Bertrand : The exhibition you curated in Monaco embraces a large spectrum of Aboriginal art from classical bark paintings to modern sculptures and also photography. What is the redline and messages you would like to stress within the exhibition?
Erica : We aimed to compare Indigenous and Western knowledge systems of the ecologies of water, and to demonstrate various convergences and conversations between them in contemporary art practices. Art was an ideal means of achieving this, because of its powers of communication and affect and also because it is the main repository of Indigenous art and a principal investigatory practice of early Western science.
The Prince Albert Hall in the Oceanographic Museum at Monaco was an ideal site for this exhibition as its collections of Prince Albert’s expeditions document –in the form of drawings and collection practices that appeal to contemporary artists – the objectifying methodologies of the most advanced Western marine science at the turn of the twentieth century. Indigenous science has a different set of categories that, in emphasising relatedness and holistic systems, enhance the importance of place, identity, sustainability and reciprocity.
Bertrand : You have traveled with the Aboriginal artists, as one producing a work just before the exhibition. What was the challenge and the idea of this performance?
Erica : For Barayuwa Munungurr’s totemic designs that covered the permanent life-size model of a sperm whale in the Prince Albert Hall, the first challenge was gaining permission for this artistic intervention especially given the size of the whale and the logistics, costs and health and safety issues of implementation the art work, as well as overcoming the museum’s reluctance to interfere with one of its feature exhibit.
Because the whale dominated the hall, the installation became the main feature of the exhibition. The museum Director agreed that it was a dramatic way for the museum to engage with contemporary art and the theme of this exhibition (which was dialogues between Western and Indigenous knowledge systems about the oceans).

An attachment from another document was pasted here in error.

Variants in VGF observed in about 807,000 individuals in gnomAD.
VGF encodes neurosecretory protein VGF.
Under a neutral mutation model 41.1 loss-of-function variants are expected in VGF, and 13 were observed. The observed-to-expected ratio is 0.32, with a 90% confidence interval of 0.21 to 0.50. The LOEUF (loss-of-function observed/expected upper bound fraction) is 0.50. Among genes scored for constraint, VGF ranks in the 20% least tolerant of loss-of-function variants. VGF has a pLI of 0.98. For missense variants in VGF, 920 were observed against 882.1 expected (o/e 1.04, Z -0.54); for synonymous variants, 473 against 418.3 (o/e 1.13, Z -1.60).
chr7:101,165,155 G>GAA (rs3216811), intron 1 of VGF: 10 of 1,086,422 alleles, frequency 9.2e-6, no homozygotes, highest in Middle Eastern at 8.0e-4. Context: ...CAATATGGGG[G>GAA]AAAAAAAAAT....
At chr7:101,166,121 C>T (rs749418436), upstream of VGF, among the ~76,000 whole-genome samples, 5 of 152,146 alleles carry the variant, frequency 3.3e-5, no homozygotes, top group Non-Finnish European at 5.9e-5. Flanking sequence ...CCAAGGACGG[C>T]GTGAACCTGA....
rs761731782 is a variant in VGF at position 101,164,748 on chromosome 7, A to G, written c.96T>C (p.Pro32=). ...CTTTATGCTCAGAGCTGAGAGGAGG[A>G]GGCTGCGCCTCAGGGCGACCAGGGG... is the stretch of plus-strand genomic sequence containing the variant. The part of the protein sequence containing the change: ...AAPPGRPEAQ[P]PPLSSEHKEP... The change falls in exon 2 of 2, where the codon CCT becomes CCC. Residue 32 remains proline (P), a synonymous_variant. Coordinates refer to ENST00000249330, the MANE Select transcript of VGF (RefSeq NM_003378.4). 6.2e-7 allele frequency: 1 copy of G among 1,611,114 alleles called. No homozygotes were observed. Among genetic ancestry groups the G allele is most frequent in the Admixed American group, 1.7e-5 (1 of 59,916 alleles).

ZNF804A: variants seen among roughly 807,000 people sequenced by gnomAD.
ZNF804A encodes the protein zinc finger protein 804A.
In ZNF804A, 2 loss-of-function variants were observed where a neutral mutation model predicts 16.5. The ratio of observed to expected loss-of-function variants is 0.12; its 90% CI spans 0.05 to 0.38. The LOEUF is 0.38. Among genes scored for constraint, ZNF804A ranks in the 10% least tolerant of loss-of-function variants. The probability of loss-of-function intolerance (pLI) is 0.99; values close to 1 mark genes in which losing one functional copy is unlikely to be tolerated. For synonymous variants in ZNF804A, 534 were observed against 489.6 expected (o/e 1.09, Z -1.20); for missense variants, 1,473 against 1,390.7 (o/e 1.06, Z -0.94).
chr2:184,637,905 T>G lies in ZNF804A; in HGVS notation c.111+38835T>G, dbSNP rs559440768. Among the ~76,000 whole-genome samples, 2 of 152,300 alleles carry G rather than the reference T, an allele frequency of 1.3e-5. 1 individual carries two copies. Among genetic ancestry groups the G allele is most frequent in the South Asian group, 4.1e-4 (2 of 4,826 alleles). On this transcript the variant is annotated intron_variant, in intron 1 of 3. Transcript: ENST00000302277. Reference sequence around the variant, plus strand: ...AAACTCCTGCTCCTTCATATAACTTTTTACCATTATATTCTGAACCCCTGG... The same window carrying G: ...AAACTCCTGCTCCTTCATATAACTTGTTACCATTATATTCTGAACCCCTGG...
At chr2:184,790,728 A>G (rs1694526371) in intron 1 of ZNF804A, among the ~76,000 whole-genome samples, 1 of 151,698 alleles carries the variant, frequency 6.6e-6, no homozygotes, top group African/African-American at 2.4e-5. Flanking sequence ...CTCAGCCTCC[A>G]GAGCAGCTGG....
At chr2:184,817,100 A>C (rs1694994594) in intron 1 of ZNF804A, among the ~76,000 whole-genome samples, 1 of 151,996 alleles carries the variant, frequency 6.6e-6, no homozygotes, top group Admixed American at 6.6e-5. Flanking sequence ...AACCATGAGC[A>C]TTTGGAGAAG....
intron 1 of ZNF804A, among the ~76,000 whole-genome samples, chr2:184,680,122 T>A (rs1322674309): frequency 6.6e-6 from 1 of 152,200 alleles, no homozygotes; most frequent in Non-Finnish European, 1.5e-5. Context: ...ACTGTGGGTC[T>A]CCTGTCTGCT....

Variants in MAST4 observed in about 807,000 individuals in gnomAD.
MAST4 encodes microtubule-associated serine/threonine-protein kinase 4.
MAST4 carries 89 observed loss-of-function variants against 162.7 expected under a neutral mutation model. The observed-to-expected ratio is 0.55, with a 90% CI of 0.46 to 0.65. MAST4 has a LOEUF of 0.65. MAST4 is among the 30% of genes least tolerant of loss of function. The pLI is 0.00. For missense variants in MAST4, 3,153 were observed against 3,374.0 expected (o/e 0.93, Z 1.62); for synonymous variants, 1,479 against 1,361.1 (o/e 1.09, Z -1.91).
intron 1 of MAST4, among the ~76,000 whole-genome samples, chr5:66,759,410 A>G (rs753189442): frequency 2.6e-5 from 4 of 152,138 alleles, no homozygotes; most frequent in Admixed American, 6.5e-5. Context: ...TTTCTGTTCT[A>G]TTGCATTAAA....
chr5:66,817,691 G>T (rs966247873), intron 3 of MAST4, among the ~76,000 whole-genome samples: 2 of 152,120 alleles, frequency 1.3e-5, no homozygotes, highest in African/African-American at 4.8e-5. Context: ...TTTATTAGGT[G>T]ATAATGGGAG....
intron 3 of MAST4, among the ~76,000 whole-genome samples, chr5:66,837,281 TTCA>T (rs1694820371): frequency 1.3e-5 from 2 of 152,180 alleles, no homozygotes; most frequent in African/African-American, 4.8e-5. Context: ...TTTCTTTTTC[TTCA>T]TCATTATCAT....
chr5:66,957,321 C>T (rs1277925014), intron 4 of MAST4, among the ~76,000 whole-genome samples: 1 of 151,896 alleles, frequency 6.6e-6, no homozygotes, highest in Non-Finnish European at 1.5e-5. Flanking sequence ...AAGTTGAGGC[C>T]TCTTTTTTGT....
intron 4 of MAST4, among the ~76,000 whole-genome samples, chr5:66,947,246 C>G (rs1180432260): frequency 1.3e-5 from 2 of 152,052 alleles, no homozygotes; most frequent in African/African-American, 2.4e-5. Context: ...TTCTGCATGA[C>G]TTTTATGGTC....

The idea of the installation was to combine Indigenous and Western systems of representation by incorporating Yolngu totemic designs that signify the ancestral spirit of the whale, with the exacting representations of Western empiricism that, for Barayuwa, reference the physical whale. In simultaneously showing the sacred ‘inside’ and secular ‘outside’ nature of the whale in the one artwork, Barayuwa reminds us of the limits of Western science and that there is more to the world than its physical appearances.
Bertrand : You and your husband are advising collectors of Aboriginal art in their process of acquisition. What would be the best advice you would like to share with collectors in Europe?
Erica : While collectors seek advice from various sources they will always follow their own inclinations. Most collectors are deeply interested in what they collect and so are already very knowledgeable.
Most European collectors have mainly been interested in Aboriginal art from a primitivism and conventional ethnographic perspective. By contrast our collectors were from the beginning interested in its contemporary art context, which is why we have worked with them. We have sought to enhance their approach by widening the scope of their collection by bringing it into dialogue with art outside their main interest, which initially was, and still largely is, Western Desert painting.
We have encouraged their burgeoning interest in urban artists, new media artwork, and also towards collaborative works between Indigenous and Western contemporary artists.